Rosalind Stopps: A Beginner’s Guide to Murder

This book was – surprisingly – both charming and touching, along with being a suspenseful caper novel. Three older women – Grace, Daphne and Meg – are sitting in a London coffee shop together when a young, frightened girl lurches in.  She heads for the restroom, and not long after a suspicious man comes in, claiming she’s his daughter.  They tell him they’ve seen nothing and watch him leave, then they immediately scoot out the back, taking the young woman with them.

As the title indicates, these women are beginners in the art of murder, but their target is immediately obvious.  What isn’t obvious are the personalities and characteristics of the women, and the author goes back in time to flesh out each character’s backstory, so the reader can see what shaped each one.  While the three hadn’t really known each other well before the coffee shop incident, they are united in their desire to save the young girl, Nina.  The real heartbreaker of the book is Nina’s story.

The reader is taken back in time where we see Nina being raised in a “care home” – in the US I think this would be a foster home – and the difficulties as well as the connections she has with some of the others in the home with her.  Unfortunately, she meets another young woman when she’s on the way to the library one day.   Reading the book, you want to reach through the pages and tell Nina to stay far, far away from this other young woman, but the story is already inevitable.

When Nina is again snatched by the man in the coffee shop, after experiencing a moment of safety with the women, the three redouble their efforts to save her.  It becomes unsurprisingly clear that Nina is basically a prisoner of this man. He pimps her out relentlessly, moving houses frequently.  It’s unclear just how the women will save her but they find an ally, Des, a friend of Daphne’s.  He’s actually been in prison so they are hoping he can offer advice or maybe kill this man for them.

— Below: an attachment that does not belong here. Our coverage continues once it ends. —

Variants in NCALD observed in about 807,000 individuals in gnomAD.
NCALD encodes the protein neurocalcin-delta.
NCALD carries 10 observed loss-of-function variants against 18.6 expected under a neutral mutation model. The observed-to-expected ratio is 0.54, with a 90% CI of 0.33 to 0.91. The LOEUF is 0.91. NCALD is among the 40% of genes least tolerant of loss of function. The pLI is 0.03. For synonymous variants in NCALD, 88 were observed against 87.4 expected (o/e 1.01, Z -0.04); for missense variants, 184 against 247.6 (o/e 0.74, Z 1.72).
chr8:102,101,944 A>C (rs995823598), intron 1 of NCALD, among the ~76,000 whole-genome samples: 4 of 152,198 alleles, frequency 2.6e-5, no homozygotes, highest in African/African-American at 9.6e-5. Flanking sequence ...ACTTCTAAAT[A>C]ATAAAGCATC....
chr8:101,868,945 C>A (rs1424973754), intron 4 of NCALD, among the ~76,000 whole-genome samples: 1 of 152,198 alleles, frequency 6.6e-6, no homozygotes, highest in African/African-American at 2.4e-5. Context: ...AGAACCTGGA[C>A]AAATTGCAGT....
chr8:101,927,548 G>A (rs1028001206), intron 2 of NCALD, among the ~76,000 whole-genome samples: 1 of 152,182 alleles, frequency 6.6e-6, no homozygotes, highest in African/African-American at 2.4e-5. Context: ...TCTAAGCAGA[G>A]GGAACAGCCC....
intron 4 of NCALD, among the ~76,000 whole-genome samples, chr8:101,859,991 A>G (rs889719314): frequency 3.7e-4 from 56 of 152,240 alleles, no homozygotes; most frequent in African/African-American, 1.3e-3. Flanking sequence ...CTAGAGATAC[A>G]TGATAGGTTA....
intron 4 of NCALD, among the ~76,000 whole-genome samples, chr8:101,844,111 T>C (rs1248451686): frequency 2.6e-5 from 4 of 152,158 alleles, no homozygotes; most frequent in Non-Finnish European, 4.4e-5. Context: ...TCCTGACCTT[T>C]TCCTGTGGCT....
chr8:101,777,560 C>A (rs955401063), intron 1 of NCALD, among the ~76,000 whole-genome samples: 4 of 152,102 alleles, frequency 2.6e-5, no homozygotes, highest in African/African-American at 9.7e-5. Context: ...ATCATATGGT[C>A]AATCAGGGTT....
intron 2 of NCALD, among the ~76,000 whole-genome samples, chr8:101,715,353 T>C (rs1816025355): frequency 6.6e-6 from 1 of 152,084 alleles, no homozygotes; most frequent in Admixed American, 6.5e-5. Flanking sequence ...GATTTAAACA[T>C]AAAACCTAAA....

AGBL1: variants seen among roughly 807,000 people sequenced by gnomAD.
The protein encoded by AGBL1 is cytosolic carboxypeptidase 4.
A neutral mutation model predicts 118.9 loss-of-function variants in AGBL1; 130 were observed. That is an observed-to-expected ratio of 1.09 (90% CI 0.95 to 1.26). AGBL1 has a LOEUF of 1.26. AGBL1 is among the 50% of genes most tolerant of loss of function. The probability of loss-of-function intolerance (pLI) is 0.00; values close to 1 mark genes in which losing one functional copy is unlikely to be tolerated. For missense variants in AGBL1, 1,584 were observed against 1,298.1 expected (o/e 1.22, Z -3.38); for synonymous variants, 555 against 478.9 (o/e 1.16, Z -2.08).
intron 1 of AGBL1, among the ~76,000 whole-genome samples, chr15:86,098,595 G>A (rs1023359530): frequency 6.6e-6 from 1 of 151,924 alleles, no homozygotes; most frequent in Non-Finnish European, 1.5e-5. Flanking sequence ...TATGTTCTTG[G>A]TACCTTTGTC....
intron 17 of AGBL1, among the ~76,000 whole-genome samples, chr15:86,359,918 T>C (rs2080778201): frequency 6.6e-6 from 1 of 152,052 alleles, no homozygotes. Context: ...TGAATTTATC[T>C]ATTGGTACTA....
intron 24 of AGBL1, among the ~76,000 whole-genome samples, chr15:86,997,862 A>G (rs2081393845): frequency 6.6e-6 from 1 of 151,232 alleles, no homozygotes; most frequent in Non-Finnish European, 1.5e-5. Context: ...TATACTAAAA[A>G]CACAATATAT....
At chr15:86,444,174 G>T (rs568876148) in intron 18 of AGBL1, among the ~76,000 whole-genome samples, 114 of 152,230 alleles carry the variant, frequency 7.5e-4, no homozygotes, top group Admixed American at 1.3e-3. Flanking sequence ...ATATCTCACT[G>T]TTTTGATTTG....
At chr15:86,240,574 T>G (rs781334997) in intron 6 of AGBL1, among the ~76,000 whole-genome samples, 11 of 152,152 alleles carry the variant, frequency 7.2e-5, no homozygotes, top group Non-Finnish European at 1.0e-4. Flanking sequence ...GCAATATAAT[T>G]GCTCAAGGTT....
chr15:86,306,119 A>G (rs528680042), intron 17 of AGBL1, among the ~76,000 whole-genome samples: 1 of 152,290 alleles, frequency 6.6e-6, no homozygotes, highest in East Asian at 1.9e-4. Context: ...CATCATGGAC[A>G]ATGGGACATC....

It becomes clear Des was neither a good or committed criminal, but he does offer some insight: the man who has Nina is basically after money, and he knows some people who might be able to help with the murder bit of the plan. What follows is basically a suspenseful caper plot, as the three women work uncomfortably with Des’s acquaintances to offer a ransom and reclaim Nina.

What’s really unexpected about this book is how touching it is.  Grace, Daphne and Meg all have their own heartbreaking backstories, and as one of the women says to Nina at one point, “There’s a bit of trouble in every life.”  The fact that they understand trouble makes them want to help.  While their efforts sometimes seem almost silly, they are so dead serious in purpose that each step they take gets them closer to Nina.

The story is wonderful and so are these wonderful women.  I am honored to have spent some time with them, and (not really a spoiler) delighted by their ultimate success.  The author fills in the cracks and crevices of her story with wonderful details of London and different characters that, even if only encountered for a chapter, are so memorable they stick with you.  The specific details of her story and the sweetness of the characters makes her book special.